You would think that a person eighty five years old would have long ago accommodated to the long nights and short days of winter. Not so, at least not in my case. This time of year brings on a semi – depressed state of mind that seems to influence my every thought. Today, for instance, I awakened at six, got up, took my Parkinson’s pills and promptly went back to bed. Well, it was cold and I fell victim to the lure of a still warm bed. This is not all that unusual for me and I usually get out of bed quickly and either turn on the TV or check my E-mail. This morning it was different. It was cold and dreary outside and I stayed in bed until my next pills were scheduled. I got up, took my pills and, after checking the TV and computer again to see if there was a compelling reason to get up, I went back to bed and slept until ten. I got up, took my pills and, now determined to not go back to bed, started to review what I had posted to my Blog the night before. I soon found myself responding to some E-mail messages and I spent some time on this endeavor. Well, by now you have correctly surmised that I am mentally adrift and not doing anything of any importance to me, or to any one else for matter. I have spent the entire day dancing variations of this jig. It is now six thirty and I need to take my six o’clock pills. —- Done, but I’ll have to wait a little bit before I can eat some of the Chris-n-Pitts barbecued ribs David just brought in. I’m not supposed to eat fats and protein at the time when I take my Parkinson’s pills. —— I waited for twenty minutes and then I ate four ribs. I checked the TV, got somewhat interested in a program on CNN. I switched to PBS and watched a science program, part of which was about 3D printing and the future of spinoffs from this technology. I wonder if there will be any need for machinists in the future? Well, I will wager there will never be a source for old streetcar parts other than the museum shop. I do wonder if there will be any streetcars outside of museums. It is a little after eight and that makes it time to change my two medicine patches. That’s right, I’m taking two of my medicines through my skin now. Very modern, for me at least. My only real problem is finding skin without hair.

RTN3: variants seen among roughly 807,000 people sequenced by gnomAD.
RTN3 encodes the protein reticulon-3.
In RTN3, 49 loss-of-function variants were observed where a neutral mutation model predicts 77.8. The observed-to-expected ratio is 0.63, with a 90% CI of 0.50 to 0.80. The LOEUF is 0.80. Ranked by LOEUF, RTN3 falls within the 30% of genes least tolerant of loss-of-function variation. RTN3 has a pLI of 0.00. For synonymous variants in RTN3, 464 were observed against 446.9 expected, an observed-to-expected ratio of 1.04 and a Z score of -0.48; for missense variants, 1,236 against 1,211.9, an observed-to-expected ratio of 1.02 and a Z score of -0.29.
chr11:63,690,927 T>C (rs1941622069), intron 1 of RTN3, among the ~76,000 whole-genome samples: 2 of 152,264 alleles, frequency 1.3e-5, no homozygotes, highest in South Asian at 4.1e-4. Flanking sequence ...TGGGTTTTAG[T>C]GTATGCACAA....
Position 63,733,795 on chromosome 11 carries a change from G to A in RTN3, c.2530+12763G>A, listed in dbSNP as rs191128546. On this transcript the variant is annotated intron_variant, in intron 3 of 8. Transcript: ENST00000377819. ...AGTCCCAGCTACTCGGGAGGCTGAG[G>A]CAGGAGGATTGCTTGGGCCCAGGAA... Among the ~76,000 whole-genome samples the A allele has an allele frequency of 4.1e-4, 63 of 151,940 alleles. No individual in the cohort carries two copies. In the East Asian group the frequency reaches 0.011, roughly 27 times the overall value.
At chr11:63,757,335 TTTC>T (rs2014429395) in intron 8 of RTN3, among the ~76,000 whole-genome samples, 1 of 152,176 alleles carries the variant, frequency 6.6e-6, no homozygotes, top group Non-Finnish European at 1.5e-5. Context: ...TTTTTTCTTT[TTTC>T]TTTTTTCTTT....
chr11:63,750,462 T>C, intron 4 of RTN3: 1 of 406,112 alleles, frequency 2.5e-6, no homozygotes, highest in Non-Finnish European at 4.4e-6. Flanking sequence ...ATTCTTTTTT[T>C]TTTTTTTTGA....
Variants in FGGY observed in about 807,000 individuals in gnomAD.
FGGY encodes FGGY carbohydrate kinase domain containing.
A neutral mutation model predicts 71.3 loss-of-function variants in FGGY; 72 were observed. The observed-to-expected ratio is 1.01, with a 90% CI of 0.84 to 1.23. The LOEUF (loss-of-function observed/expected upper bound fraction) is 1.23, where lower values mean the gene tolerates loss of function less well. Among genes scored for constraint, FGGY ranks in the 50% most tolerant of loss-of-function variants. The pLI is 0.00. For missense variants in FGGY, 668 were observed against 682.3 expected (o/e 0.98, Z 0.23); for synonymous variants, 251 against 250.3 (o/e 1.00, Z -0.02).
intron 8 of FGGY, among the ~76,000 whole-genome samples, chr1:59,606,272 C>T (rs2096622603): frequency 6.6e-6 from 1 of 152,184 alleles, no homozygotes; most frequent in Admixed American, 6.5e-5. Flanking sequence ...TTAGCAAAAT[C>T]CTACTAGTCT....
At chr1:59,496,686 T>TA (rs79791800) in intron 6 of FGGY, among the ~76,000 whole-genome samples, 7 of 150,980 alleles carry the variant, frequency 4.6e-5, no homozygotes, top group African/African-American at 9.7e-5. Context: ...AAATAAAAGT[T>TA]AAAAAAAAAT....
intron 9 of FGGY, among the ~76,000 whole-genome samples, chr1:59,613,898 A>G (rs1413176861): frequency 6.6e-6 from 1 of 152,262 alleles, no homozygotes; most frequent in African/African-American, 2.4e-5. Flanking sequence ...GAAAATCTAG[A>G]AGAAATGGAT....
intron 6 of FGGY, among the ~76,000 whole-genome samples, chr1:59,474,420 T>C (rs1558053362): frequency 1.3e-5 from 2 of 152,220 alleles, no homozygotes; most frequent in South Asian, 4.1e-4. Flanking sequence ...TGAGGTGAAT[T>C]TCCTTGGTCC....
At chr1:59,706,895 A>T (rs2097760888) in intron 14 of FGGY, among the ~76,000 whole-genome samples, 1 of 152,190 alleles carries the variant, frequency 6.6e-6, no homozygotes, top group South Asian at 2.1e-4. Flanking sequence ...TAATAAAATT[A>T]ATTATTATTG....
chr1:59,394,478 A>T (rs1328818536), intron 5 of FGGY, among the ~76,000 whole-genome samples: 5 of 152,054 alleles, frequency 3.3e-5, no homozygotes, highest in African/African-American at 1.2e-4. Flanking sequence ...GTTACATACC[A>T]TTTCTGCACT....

Published by THE OLD MACHINIST
I am 87 years old and married for 65 years. My wife passed away in 2016. I am a retired engineer and spent 35 years developing INS gyroscopes. I was a High School mentor in physics, a mountaineer, a model builder, a machinist and I have a degree in Physics. My interests include railroad history and photography, science history, cosmology, interesting people, and old engineering drawings. I place a high value on my friendships. I enjoyed my life and I am trying to look forward with a sense of anticipation and curiosity. View more posts